The antibiotic-resistant strain was found last month in the urine of a 49-year-old Pennsylvania woman. Defense Department researchers determined that she carried a strain of E. coli resistant to the antibiotic colistin, according to a study published Thursday in Antimicrobial Agents and Chemotherapy, a publication of the American Society for Microbiology. The authors wrote that the discovery “heralds the emergence of a truly pan-drug resistant bacteria.”
Colistin is the antibiotic of last resort for particularly dangerous types of superbugs, including a family of bacteria known as CRE, which health officials have dubbed “nightmare bacteria.” In some instances, these superbugs kill up to 50 percent of patients who become infected. The Centers for Disease Control and Prevention has called CRE among the country’s most urgent public health threats.
Health officials said the case in Pennsylvania, by itself, is not cause for panic. The strain found in the woman is still treatable with other antibiotics. But researchers worry that its colistin-resistance gene, known as mcr-1, could spread to other bacteria that can already evade other antibiotics.
It’s the first time this colistin-resistant strain has been found in a person in the United States. In November, public health officials worldwide reacted with alarm when Chinese and British researchers reported finding the colistin-resistant strain in pigs and raw pork and in a small number of people in China. The deadly strain was later discovered in Europe and elsewhere.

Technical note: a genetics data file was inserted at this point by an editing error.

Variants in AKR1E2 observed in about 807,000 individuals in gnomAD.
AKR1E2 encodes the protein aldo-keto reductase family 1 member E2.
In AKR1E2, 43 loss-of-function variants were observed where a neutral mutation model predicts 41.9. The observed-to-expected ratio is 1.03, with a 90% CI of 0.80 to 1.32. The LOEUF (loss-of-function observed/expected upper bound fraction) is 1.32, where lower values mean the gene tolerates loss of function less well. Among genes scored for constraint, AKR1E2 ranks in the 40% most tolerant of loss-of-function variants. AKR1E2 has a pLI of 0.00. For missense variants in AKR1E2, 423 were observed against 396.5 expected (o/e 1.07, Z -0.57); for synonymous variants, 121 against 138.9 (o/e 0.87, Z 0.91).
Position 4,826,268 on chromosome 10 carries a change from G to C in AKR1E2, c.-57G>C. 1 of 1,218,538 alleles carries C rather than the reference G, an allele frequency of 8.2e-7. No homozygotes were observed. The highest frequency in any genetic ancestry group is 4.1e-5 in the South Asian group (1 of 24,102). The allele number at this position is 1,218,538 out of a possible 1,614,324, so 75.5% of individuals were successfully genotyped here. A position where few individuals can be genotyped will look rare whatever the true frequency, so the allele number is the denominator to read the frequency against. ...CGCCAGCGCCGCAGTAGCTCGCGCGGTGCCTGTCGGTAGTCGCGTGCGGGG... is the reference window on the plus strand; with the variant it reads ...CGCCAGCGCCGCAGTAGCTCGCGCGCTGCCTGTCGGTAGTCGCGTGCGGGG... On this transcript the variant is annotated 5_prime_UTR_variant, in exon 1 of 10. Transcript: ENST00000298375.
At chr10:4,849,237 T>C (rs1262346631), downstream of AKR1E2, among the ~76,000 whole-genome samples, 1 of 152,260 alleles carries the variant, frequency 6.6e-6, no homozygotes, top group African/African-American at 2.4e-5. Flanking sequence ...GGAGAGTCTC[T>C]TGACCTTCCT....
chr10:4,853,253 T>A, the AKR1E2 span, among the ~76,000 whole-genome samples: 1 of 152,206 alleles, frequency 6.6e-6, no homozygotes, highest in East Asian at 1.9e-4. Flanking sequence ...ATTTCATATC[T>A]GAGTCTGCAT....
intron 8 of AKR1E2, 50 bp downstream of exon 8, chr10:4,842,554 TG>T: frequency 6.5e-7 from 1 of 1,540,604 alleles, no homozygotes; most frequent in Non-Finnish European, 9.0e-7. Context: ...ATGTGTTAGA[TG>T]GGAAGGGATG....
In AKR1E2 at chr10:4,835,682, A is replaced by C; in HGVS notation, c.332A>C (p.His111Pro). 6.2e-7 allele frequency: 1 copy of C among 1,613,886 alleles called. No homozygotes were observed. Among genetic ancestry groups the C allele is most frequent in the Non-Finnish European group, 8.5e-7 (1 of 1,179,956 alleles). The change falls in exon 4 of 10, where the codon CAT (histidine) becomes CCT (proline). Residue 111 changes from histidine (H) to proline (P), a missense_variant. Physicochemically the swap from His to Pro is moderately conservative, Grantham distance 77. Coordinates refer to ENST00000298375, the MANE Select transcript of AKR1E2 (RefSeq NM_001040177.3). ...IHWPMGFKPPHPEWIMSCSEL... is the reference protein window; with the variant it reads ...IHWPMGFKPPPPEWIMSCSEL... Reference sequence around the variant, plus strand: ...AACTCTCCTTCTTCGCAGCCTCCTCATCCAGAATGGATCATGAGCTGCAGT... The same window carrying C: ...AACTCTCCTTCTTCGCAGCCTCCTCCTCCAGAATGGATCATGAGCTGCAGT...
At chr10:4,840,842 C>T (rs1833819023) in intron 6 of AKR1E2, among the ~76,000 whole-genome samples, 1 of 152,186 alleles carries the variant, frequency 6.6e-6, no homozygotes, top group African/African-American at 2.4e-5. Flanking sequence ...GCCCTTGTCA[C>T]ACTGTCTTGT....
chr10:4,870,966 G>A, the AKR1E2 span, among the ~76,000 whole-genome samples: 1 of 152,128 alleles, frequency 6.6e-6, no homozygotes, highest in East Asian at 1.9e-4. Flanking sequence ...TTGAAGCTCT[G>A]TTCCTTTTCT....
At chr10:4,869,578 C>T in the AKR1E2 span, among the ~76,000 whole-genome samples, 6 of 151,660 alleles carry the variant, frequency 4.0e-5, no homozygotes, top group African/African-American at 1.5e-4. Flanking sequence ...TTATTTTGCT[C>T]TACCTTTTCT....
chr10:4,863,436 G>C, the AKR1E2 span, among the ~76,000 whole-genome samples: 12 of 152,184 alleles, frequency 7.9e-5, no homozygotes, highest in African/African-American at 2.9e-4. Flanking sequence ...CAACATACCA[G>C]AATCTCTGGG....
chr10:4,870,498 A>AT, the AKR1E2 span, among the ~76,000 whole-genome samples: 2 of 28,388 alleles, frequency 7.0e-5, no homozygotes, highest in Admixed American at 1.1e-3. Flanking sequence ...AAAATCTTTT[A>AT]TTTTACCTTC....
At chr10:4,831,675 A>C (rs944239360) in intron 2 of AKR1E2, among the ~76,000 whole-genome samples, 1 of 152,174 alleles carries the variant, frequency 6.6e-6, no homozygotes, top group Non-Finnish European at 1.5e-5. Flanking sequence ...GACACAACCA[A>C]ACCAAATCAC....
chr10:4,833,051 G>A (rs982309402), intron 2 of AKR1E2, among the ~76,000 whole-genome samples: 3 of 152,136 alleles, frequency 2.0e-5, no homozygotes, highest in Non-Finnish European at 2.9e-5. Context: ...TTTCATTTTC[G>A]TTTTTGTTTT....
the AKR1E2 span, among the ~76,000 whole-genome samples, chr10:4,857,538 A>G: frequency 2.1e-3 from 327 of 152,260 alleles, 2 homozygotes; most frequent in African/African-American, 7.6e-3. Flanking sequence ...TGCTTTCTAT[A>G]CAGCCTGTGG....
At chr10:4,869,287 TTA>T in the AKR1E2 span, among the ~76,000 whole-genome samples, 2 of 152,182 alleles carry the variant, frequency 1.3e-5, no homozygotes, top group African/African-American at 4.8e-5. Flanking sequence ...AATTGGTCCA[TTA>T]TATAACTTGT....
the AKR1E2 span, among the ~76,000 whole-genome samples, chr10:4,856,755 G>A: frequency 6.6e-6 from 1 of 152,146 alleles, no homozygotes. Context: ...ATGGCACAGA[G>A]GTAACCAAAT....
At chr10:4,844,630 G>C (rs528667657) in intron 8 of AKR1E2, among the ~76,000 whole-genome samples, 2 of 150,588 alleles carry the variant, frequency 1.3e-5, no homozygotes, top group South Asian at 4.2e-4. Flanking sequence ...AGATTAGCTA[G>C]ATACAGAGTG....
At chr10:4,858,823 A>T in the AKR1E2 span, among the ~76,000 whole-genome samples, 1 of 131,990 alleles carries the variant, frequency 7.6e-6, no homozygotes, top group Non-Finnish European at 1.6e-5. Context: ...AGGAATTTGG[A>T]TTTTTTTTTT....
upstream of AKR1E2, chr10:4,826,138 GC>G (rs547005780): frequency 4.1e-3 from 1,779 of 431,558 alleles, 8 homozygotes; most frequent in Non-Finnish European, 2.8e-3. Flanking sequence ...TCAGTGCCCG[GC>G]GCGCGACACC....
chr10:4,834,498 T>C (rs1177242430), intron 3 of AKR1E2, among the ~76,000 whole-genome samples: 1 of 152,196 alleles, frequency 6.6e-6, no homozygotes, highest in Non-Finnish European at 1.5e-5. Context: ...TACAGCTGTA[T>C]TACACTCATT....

In this Nov. 2015 video, Centers for Disease Control and Prevention director Dr. Thomas Frieden said that the CDC is committed to fighting antibiotic resistance. (YouTube/CDC)
“It basically shows us that the end of the road isn’t very far away for antibiotics — that we may be in a situation where we have patients in our intensive care units, or patients getting urinary-tract infections for which we do not have antibiotics,” CDC Director Tom Frieden said in an interview Thursday.
“I’ve been there for TB patients. I’ve cared for patients for whom there are no drugs left. It is a feeling of such horror and helplessness,” Frieden added. “This is not where we need to be.”
Separately, researchers at the Agriculture Department and the Department of Health and Human Services reported that testing of hundreds of livestock and retail meats turned up the same colistin-resistant bacteria in a sample from a pig intestine in the United States. USDA said it is working to identify the farm the pig came from.
CDC officials are working with Pennsylvania health authorities to interview the patient and family to identify how she may have contracted the bacteria, including reviewing recent hospitalizations and other health-care exposures. The CDC hopes to screen the patient and her contacts to see if others might be carrying the organism. Local and state health departments also will be collecting cultures as part of the investigation.
The woman was treated in an outpatient military facility in Pennsylvania, according to a Defense Department blog post about the findings. Samples were sent to the Walter Reed National Military Medical Center for initial testing. Additional testing was done by a special Defense Department system that tracks multi-drug-resistant organisms.
Thursday’s study did not disclose further details about the Pennsylvania woman or the outcome of her case. The authors could not be reached for comment. A spokesman at the Pennsylvania Department of Health was not immediately available to comment on the case.